Whether you think that's necessary, the point is this: A moment that was probably careless on the part of a parent had devastating consequences for the animal, for the zoo, for conservation.

I heard a thoughtful animal-welfare advocate on CNN over the weekend suggest that zoos have a minimum age for visitors at exhibits. I wouldn't go that far. The best zoos today provide unique — and affordable —educational and recreational opportunities for families. Every time I am at the LA Zoo, I am struck by the range of ages of visitors — parents with children in strollers, toddlers, schoolchildren, young couples holding hands, older people.

That said, it's imperative that parents and other adults minding children remember that the zoo is not a giant playground where children can run freely and every structure is there for the climbing. As animal conservationist Jeff Corwin said this weekend, "The zoo is not your babysitter." Perhaps zoos should have staff and volunteers stationed at various exhibits to monitor visitors — to stop them from going where they shouldn't or harassing animals.

Most zoos have series of barriers — fencing, glass, landscaping and naturalistic features — that make it quite a challenge to get all the way to a dangerous wild animal. But no boundary is perfect. At a zoo in Santiago, Chile, recently, a suicidal man got into a lion enclosure. The lion nearly mauled him to death before zoo staff killed the lion.

And it works the other way. Clever chimps figure ways out of enclosures. A tiger at the San Francisco Zoo several years ago leapt out of its grotto and mauled to death a young man who had been seen taunting the tiger. In all these cases, zoos have to reconfigure barriers.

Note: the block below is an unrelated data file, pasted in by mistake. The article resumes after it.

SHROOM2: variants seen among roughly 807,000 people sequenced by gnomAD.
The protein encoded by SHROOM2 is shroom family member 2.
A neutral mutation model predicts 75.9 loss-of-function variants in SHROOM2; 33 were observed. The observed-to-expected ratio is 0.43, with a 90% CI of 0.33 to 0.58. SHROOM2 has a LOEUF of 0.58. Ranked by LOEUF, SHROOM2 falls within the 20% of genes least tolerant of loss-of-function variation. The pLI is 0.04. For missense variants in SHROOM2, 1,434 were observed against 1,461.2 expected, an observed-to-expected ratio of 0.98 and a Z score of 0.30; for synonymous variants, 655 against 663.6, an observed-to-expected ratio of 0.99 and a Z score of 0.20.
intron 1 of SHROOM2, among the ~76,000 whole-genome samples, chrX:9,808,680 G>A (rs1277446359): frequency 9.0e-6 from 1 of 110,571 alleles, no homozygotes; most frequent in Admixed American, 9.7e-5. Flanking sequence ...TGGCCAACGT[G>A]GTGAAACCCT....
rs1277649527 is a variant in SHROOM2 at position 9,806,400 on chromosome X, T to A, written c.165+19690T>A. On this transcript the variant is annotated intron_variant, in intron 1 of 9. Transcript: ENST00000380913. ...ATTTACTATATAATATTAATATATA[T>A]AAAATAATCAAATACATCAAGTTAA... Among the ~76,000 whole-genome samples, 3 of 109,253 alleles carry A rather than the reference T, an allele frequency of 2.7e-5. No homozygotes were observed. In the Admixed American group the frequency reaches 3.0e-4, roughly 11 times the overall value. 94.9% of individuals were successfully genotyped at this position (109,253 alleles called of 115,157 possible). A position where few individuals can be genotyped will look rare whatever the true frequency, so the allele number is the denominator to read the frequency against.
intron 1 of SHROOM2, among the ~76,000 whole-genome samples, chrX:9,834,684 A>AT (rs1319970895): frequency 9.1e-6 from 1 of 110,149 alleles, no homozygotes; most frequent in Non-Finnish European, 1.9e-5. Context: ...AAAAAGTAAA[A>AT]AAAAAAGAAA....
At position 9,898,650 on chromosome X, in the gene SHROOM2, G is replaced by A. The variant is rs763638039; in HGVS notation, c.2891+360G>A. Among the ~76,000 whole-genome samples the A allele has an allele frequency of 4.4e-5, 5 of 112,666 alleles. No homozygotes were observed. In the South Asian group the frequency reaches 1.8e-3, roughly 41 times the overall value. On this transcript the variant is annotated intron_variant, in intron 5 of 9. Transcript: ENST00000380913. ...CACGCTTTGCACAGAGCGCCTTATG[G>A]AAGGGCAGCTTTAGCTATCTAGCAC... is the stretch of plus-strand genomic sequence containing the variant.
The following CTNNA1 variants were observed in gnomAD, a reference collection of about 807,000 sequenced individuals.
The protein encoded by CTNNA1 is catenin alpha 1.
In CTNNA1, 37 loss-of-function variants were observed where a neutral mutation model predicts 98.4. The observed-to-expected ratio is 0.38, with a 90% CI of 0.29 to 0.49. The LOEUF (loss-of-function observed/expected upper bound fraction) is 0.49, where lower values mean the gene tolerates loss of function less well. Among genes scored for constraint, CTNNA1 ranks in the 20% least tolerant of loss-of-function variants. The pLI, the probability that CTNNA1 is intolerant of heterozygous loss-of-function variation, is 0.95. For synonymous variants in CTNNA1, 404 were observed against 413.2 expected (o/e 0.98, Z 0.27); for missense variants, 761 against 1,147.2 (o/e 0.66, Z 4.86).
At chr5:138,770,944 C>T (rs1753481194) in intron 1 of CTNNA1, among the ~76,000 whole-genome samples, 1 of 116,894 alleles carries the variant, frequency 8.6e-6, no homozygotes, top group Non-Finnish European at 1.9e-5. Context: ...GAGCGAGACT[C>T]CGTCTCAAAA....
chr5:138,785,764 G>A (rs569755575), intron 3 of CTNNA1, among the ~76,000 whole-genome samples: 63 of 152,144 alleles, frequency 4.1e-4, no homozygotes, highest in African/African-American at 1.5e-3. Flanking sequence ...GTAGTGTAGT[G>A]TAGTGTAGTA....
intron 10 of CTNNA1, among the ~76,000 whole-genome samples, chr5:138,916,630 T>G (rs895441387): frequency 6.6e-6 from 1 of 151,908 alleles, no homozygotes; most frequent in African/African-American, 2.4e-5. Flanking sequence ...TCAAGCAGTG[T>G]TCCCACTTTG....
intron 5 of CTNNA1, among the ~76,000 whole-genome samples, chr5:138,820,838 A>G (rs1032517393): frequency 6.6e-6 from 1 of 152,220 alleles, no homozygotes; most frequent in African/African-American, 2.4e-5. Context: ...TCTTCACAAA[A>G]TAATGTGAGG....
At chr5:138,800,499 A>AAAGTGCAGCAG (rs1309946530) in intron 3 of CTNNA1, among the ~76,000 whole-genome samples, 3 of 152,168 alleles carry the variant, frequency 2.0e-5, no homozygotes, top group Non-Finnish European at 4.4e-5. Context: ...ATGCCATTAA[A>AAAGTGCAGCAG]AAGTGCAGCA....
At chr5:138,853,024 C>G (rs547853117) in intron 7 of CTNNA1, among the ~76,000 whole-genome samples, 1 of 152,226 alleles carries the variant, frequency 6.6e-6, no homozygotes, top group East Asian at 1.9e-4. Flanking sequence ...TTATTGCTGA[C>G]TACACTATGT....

"It's really complex," said Wayne Pacelle, CEO of the Humane Society of the U.S. "People get into enclosures, and that's where parenting and supervision, as well as architecture and design, have to be in the forefront of our thinking."

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The Cincinnati Zoo, which has exhibited gorillas for decades and has had a spurt of successful births of young gorillas in recent years, is in the midst of a $12-million remodel and expansion of the habitat for its gorillas, according to the zoo's website. That remodel should include refashioning perimeters to discourage agile little children.

Yes, children are sneaky. Even the zoo director, peppered with questions about how the child could have gotten across the barriers, shot back, "Do you know any 4-year-olds?" Fine. But since children are a big portion of the zoo's visitor base, let's see if we can build fencing that will outsmart them.

All zoos and all parents should learn from the tragedy at the Cincinnati Zoo.